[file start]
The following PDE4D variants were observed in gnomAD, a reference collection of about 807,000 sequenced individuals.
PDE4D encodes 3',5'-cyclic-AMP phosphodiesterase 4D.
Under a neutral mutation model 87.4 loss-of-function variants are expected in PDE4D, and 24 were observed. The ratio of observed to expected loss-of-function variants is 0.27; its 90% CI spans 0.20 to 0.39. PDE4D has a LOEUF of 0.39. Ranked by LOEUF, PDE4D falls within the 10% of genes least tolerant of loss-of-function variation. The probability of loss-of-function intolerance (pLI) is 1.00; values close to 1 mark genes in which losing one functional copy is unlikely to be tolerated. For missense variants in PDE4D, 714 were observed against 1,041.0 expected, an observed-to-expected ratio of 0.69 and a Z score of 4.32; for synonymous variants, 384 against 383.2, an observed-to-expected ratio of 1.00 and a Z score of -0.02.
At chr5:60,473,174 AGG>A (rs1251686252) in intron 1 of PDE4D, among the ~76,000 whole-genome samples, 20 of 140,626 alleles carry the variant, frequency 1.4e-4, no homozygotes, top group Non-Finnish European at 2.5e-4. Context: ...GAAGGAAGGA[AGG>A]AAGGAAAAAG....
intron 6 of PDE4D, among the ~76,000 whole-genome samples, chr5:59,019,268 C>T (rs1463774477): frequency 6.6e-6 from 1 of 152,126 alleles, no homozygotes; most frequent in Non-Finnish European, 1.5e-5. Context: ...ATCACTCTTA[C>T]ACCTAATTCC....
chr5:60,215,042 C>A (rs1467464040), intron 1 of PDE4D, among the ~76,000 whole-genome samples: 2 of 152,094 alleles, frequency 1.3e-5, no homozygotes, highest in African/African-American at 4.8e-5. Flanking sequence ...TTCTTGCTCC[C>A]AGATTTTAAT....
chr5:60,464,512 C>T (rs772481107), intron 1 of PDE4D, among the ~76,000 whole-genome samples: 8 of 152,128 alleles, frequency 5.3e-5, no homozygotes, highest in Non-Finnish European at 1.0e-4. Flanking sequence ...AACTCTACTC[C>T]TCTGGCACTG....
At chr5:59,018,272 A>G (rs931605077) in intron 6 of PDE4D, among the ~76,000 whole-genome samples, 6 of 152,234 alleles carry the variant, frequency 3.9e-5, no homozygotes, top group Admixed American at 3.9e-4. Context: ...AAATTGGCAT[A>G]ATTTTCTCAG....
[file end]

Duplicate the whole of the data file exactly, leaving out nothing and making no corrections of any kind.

The following PDE4D variants were observed in gnomAD, a reference collection of about 807,000 sequenced individuals.
PDE4D encodes 3',5'-cyclic-AMP phosphodiesterase 4D.
Under a neutral mutation model 87.4 loss-of-function variants are expected in PDE4D, and 24 were observed. The ratio of observed to expected loss-of-function variants is 0.27; its 90% CI spans 0.20 to 0.39. PDE4D has a LOEUF of 0.39. Ranked by LOEUF, PDE4D falls within the 10% of genes least tolerant of loss-of-function variation. The probability of loss-of-function intolerance (pLI) is 1.00; values close to 1 mark genes in which losing one functional copy is unlikely to be tolerated. For missense variants in PDE4D, 714 were observed against 1,041.0 expected, an observed-to-expected ratio of 0.69 and a Z score of 4.32; for synonymous variants, 384 against 383.2, an observed-to-expected ratio of 1.00 and a Z score of -0.02.
At chr5:60,473,174 AGG>A (rs1251686252) in intron 1 of PDE4D, among the ~76,000 whole-genome samples, 20 of 140,626 alleles carry the variant, frequency 1.4e-4, no homozygotes, top group Non-Finnish European at 2.5e-4. Context: ...GAAGGAAGGA[AGG>A]AAGGAAAAAG....
intron 6 of PDE4D, among the ~76,000 whole-genome samples, chr5:59,019,268 C>T (rs1463774477): frequency 6.6e-6 from 1 of 152,126 alleles, no homozygotes; most frequent in Non-Finnish European, 1.5e-5. Context: ...ATCACTCTTA[C>T]ACCTAATTCC....
chr5:60,215,042 C>A (rs1467464040), intron 1 of PDE4D, among the ~76,000 whole-genome samples: 2 of 152,094 alleles, frequency 1.3e-5, no homozygotes, highest in African/African-American at 4.8e-5. Flanking sequence ...TTCTTGCTCC[C>A]AGATTTTAAT....
chr5:60,464,512 C>T (rs772481107), intron 1 of PDE4D, among the ~76,000 whole-genome samples: 8 of 152,128 alleles, frequency 5.3e-5, no homozygotes, highest in Non-Finnish European at 1.0e-4. Flanking sequence ...AACTCTACTC[C>T]TCTGGCACTG....
At chr5:59,018,272 A>G (rs931605077) in intron 6 of PDE4D, among the ~76,000 whole-genome samples, 6 of 152,234 alleles carry the variant, frequency 3.9e-5, no homozygotes, top group Admixed American at 3.9e-4. Context: ...AAATTGGCAT[A>G]ATTTTCTCAG....